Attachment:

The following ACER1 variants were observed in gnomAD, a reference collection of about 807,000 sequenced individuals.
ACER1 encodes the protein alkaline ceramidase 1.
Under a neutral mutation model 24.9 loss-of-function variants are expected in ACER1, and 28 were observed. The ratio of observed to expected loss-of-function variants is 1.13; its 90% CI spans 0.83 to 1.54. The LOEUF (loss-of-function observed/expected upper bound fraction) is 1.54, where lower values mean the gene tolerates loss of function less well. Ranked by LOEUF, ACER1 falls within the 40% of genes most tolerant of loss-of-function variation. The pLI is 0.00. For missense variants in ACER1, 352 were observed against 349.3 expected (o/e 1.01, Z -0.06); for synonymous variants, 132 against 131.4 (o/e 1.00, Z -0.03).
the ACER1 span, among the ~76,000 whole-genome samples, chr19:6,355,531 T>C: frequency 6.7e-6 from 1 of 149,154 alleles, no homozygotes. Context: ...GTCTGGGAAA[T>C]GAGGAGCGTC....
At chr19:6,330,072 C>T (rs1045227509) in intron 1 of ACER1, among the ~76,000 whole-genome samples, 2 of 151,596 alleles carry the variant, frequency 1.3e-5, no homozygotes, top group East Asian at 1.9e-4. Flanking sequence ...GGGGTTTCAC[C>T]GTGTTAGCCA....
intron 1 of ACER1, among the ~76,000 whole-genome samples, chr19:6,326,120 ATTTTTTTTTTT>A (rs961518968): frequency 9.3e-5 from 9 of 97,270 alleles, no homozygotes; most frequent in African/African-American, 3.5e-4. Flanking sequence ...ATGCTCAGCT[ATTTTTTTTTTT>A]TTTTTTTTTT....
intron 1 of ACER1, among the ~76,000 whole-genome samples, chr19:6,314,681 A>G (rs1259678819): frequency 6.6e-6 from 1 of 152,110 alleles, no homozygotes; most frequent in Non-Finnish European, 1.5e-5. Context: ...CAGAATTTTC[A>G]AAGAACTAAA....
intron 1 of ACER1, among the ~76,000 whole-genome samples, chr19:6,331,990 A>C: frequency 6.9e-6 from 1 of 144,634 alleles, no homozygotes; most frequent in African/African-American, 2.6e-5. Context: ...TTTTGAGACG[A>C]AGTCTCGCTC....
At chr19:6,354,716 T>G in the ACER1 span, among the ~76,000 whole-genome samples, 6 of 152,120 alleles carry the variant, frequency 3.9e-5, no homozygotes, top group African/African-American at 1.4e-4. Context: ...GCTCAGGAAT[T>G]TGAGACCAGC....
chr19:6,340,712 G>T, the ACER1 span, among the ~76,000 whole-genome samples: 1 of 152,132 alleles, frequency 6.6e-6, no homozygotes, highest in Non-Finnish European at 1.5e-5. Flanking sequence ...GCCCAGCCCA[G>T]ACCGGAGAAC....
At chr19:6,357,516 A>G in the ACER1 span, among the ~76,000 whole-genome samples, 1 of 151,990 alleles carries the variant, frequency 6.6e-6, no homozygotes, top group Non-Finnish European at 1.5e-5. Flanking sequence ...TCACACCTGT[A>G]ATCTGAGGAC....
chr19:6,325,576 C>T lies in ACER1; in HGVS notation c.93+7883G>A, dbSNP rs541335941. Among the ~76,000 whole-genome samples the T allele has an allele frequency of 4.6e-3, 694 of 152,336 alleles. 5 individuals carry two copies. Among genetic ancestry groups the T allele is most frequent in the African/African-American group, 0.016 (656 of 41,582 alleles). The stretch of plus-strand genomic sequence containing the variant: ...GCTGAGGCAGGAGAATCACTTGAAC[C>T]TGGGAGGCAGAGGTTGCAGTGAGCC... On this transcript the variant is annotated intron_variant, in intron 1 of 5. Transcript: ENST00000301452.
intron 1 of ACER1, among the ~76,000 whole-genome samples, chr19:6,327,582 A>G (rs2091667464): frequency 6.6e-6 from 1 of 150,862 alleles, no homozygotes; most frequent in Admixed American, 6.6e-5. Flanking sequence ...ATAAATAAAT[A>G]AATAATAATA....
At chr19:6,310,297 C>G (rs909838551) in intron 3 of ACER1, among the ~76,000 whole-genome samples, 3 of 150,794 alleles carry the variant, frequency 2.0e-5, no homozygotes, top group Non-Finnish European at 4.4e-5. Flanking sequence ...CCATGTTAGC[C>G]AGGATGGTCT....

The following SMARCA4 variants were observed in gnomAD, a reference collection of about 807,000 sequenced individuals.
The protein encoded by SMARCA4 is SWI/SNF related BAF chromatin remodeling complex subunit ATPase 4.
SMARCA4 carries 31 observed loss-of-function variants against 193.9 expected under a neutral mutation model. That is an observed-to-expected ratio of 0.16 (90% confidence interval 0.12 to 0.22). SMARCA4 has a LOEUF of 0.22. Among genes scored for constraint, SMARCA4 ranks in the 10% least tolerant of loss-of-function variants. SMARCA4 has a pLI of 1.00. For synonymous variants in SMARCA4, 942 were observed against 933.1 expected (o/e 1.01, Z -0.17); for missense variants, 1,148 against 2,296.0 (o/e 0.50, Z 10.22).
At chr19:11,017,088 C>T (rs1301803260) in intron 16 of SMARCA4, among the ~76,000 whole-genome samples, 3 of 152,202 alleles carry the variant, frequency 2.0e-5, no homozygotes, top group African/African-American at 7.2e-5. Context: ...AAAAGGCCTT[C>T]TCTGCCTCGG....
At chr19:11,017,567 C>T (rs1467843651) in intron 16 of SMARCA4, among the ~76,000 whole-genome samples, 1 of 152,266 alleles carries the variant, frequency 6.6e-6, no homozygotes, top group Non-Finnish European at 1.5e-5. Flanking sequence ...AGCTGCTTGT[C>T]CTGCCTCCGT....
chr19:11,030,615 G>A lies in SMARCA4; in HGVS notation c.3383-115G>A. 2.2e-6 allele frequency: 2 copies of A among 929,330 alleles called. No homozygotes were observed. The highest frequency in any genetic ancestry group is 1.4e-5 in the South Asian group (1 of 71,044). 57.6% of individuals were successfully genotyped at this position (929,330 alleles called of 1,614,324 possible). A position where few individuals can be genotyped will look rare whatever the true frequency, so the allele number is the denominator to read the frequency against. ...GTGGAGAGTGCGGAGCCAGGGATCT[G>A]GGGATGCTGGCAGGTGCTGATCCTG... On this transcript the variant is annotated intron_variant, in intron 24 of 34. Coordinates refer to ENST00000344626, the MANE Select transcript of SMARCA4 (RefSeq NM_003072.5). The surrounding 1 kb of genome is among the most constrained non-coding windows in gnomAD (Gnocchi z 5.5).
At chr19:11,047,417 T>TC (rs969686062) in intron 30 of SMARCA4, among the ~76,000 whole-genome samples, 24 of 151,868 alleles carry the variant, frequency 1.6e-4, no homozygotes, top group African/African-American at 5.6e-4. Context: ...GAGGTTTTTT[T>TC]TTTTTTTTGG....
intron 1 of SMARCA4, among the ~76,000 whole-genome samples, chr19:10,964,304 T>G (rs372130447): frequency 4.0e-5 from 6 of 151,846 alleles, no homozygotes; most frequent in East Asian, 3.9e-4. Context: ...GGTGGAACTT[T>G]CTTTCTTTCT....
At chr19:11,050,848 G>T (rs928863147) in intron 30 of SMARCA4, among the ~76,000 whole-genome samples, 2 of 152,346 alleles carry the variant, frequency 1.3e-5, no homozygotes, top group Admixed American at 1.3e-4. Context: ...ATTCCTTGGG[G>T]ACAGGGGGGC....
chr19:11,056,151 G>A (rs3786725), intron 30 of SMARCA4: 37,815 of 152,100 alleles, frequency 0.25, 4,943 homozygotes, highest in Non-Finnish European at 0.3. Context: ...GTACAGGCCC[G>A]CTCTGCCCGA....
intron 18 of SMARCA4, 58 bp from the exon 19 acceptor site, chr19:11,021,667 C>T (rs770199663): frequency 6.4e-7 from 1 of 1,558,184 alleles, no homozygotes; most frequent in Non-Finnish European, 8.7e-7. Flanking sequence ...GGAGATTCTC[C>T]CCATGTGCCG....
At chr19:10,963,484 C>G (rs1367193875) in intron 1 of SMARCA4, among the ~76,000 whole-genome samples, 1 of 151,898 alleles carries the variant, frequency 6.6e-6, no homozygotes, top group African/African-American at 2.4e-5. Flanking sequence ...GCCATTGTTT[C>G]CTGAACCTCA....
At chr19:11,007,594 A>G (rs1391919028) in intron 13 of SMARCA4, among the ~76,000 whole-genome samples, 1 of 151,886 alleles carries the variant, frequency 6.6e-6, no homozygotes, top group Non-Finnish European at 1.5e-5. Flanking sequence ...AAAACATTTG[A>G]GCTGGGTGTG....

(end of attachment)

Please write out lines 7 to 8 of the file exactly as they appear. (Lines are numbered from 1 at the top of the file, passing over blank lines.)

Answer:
intron 1 of ACER1, among the ~76,000 whole-genome samples, chr19:6,314,681 A>G (rs1259678819): frequency 6.6e-6 from 1 of 152,110 alleles, no homozygotes; most frequent in Non-Finnish European, 1.5e-5. Context: ...CAGAATTTTC[A>G]AAGAACTAAA....
intron 1 of ACER1, among the ~76,000 whole-genome samples, chr19:6,331,990 A>C: frequency 6.9e-6 from 1 of 144,634 alleles, no homozygotes; most frequent in African/African-American, 2.6e-5. Context: ...TTTTGAGACG[A>C]AGTCTCGCTC....